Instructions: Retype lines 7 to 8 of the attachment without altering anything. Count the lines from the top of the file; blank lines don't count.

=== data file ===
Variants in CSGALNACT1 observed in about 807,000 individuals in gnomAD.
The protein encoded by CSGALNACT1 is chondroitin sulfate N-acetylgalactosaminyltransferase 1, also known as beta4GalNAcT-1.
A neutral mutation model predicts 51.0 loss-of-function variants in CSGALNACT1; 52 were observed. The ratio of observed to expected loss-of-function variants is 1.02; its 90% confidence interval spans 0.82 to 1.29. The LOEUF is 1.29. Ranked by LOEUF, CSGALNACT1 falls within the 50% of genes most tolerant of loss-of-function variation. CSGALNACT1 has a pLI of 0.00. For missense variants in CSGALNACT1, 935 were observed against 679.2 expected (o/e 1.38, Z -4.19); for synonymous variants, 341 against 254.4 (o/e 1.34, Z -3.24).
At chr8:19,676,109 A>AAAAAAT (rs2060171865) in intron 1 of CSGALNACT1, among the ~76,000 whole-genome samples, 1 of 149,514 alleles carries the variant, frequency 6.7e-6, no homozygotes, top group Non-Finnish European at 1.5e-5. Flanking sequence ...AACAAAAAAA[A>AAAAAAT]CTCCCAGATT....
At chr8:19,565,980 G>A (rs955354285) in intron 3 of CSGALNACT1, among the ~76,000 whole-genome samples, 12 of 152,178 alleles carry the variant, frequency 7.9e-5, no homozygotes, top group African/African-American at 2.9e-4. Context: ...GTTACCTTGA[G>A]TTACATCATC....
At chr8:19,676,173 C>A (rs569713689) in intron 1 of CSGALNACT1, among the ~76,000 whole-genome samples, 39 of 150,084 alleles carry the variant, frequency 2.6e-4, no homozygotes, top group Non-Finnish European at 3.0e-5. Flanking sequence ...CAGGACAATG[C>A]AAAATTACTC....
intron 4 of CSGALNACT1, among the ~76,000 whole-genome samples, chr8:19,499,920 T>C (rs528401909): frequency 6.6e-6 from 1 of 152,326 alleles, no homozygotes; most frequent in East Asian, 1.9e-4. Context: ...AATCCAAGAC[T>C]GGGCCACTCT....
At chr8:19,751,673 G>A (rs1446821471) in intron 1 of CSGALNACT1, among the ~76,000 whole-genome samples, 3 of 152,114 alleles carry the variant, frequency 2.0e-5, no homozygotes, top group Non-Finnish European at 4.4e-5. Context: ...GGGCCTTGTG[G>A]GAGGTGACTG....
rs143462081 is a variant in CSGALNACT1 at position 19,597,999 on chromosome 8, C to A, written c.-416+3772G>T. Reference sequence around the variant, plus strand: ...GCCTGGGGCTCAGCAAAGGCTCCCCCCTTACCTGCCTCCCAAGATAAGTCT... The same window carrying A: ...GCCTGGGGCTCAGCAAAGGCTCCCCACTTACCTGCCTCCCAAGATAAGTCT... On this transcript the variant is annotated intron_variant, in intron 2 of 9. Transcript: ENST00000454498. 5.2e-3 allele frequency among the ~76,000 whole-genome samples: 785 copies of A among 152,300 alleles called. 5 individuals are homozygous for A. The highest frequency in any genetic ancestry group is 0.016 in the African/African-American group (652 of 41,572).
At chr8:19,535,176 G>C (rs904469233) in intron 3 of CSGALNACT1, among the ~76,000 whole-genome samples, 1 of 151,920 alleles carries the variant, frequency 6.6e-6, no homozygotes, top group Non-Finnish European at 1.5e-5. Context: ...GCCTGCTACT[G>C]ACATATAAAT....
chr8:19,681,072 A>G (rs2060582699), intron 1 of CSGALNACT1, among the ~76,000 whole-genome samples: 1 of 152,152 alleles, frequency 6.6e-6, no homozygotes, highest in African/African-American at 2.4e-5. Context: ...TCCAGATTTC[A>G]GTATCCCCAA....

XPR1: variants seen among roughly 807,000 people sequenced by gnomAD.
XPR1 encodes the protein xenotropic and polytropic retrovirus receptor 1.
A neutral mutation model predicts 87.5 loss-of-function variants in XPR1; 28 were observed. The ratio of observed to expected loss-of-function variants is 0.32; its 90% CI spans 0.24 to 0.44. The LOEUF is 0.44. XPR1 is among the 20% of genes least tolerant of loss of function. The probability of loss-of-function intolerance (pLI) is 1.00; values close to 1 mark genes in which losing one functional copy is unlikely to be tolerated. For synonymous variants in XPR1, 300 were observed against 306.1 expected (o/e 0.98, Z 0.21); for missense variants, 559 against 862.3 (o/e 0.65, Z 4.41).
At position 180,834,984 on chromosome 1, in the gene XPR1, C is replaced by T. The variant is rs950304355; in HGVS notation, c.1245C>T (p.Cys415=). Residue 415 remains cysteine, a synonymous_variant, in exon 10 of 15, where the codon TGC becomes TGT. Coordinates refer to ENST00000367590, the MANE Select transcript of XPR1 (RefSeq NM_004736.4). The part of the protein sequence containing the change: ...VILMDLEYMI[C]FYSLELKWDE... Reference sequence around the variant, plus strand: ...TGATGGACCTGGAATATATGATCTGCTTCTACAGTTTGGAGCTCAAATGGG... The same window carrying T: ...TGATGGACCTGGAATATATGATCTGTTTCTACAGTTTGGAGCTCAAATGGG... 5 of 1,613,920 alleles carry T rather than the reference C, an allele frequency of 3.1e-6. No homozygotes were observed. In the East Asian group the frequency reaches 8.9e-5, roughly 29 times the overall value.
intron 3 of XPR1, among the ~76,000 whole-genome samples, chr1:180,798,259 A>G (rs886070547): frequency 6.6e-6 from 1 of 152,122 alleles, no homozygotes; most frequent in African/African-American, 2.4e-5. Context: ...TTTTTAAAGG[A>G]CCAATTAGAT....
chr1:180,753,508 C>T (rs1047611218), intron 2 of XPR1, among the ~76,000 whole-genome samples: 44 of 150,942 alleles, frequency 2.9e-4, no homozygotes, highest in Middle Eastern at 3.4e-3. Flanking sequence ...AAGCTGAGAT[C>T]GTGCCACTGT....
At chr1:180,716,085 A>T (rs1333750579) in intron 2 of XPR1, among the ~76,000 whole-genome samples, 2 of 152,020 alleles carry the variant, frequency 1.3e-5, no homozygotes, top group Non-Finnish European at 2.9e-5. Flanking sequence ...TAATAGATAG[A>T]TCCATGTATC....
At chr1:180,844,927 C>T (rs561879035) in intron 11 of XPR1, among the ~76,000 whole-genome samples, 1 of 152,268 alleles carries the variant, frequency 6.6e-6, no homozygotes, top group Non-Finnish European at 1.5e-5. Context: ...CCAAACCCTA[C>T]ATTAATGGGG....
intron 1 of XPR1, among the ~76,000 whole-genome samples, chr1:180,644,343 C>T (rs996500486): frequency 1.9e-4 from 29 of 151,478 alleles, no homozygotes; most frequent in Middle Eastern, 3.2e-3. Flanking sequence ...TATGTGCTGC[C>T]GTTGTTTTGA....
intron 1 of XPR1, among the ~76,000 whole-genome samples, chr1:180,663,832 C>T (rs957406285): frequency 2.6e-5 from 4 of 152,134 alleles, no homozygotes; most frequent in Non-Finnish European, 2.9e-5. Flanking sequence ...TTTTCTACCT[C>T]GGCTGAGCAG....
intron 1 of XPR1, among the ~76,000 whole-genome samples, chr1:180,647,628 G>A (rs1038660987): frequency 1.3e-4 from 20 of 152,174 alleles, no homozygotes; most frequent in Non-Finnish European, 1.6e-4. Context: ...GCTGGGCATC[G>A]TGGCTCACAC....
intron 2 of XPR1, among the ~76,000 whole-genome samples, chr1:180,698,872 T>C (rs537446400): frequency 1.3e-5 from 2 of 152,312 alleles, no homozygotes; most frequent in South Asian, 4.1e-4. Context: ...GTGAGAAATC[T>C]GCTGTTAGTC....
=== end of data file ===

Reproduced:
intron 4 of CSGALNACT1, among the ~76,000 whole-genome samples, chr8:19,499,920 T>C (rs528401909): frequency 6.6e-6 from 1 of 152,326 alleles, no homozygotes; most frequent in East Asian, 1.9e-4. Context: ...AATCCAAGAC[T>C]GGGCCACTCT....
At chr8:19,751,673 G>A (rs1446821471) in intron 1 of CSGALNACT1, among the ~76,000 whole-genome samples, 3 of 152,114 alleles carry the variant, frequency 2.0e-5, no homozygotes, top group Non-Finnish European at 4.4e-5. Context: ...GGGCCTTGTG[G>A]GAGGTGACTG....